A few days ago I received a piece of written work, an essay I had set as homework in the previous week, from a student who attends upper-intermediate general English classes here at Peartree. The student was already known to me to be meticulous in their production of such compositions, but on this particular occasion I found that a peculiar strain of error, that of article usage, which had emerged through her recent submissions and which had informed the focus of a recent lesson on this very topic, was curiously missing from the particular piece.
My first impression was that the student’s difficulty had been overcome, but when I spoke to her about it to commend her for her near flawless work, she revealed that her 150 word essay had taken her half a Sunday to compose. My assumption that, because of it’s quality, her essay was testament to some epiphanic improvement and surmounting of a noted grammatical problem was made in error. The student had written the essay, as I have no doubt others do, with a very well-known and well-referenced grammar book splayed open at the relevant unit on ‘articles’.
My second mistaken notion was revealed when I then took a copy of the grammar book in question down from our own shelves and gave the student an impromptu quiz on the same unit she had used to reference her work. The result demonstrated that the student had not actually understood (or at least not retained the knowledge of) the grammatical rules which she had so faithfully followed, like a recipe that produces a delicious cake without a single air bubble only to be forgotten when those it’s served up to ask you how you made it.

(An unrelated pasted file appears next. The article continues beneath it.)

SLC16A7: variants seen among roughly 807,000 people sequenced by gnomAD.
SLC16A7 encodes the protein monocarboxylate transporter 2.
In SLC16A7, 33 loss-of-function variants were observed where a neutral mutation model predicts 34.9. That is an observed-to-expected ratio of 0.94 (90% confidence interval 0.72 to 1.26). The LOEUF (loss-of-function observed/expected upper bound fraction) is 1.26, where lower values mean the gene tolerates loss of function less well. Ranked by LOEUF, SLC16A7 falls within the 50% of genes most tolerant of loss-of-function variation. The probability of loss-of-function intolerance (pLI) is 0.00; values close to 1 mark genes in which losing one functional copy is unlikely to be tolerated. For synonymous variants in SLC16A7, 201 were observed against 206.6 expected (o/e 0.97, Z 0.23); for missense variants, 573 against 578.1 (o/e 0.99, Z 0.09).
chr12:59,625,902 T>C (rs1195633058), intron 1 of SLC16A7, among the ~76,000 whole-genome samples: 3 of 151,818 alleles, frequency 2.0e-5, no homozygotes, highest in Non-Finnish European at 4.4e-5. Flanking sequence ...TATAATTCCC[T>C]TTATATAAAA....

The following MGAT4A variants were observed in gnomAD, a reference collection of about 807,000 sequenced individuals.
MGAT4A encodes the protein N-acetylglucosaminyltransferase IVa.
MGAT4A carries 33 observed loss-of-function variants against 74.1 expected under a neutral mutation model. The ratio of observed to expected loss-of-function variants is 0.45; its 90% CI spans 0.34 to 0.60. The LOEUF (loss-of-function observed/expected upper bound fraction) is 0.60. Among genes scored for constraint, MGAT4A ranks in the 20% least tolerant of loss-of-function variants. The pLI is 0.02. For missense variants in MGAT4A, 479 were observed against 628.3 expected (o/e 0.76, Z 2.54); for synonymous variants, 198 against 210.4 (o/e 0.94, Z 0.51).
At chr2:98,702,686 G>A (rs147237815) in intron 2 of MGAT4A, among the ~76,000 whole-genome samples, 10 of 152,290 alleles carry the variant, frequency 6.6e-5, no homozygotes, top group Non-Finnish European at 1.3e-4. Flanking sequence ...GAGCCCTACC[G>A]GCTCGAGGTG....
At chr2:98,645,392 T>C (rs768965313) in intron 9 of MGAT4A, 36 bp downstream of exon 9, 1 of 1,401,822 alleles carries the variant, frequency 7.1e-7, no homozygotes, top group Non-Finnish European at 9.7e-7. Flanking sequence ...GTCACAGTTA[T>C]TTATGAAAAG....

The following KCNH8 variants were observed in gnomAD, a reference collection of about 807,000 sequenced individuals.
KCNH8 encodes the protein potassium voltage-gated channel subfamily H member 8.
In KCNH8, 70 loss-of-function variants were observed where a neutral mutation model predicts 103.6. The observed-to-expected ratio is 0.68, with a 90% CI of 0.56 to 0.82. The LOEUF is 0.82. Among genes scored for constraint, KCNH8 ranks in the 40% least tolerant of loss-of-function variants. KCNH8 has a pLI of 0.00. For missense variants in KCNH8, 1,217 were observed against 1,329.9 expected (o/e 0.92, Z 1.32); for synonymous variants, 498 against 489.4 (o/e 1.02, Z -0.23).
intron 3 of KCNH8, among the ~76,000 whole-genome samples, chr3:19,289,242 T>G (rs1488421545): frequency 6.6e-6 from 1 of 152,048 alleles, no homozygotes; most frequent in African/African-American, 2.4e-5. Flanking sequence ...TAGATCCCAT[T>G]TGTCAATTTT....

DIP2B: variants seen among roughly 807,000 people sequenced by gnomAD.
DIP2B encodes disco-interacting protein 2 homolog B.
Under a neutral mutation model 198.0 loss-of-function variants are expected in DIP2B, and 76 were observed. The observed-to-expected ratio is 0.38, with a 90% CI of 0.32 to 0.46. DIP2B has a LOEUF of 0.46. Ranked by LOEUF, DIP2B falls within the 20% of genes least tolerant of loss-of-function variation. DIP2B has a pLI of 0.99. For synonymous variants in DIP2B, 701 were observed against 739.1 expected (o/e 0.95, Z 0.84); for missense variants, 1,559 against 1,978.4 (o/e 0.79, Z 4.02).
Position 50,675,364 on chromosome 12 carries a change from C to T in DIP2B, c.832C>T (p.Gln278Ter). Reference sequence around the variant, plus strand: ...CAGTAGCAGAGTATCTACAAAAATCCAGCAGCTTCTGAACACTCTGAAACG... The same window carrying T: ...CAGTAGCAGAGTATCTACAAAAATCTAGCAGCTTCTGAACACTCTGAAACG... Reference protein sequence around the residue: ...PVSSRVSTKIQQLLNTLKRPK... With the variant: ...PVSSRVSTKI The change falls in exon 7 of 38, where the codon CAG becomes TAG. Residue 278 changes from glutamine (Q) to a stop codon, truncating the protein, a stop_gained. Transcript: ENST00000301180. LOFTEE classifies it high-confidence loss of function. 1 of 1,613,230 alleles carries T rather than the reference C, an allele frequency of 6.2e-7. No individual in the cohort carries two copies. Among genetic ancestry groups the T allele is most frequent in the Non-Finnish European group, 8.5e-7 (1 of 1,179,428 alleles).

On the topic of mistakes, I’ve also recently been conducting surveys in class about language difficulties that students perceive a) prior to studying with us (and in the UK) and b) after they have been studying here for a period. On Friday (5th) Peartree languages welcomed a group of non-student (but non-native English speaker) guests from variety of countries (including Italy, Russia, Ukraine, New Zealand, Brazil and Taiwan) to our school and the members of the group were good enough to share their opinions on the first question. The responses were strikingly similar both to each other and to those I have received from my own students- that simply communicating what they know and understand is a difficulty in itself as in their own countries and in the systems of education, both state and private, through which English is learnt, communication with native speakers is limited.
After having studied with us for a period of time students respond with much more varied answers, from particular tenses or other aspects of grammar to colloquial expressions (and just occasionally, Welsh accents!).
Director of Studies
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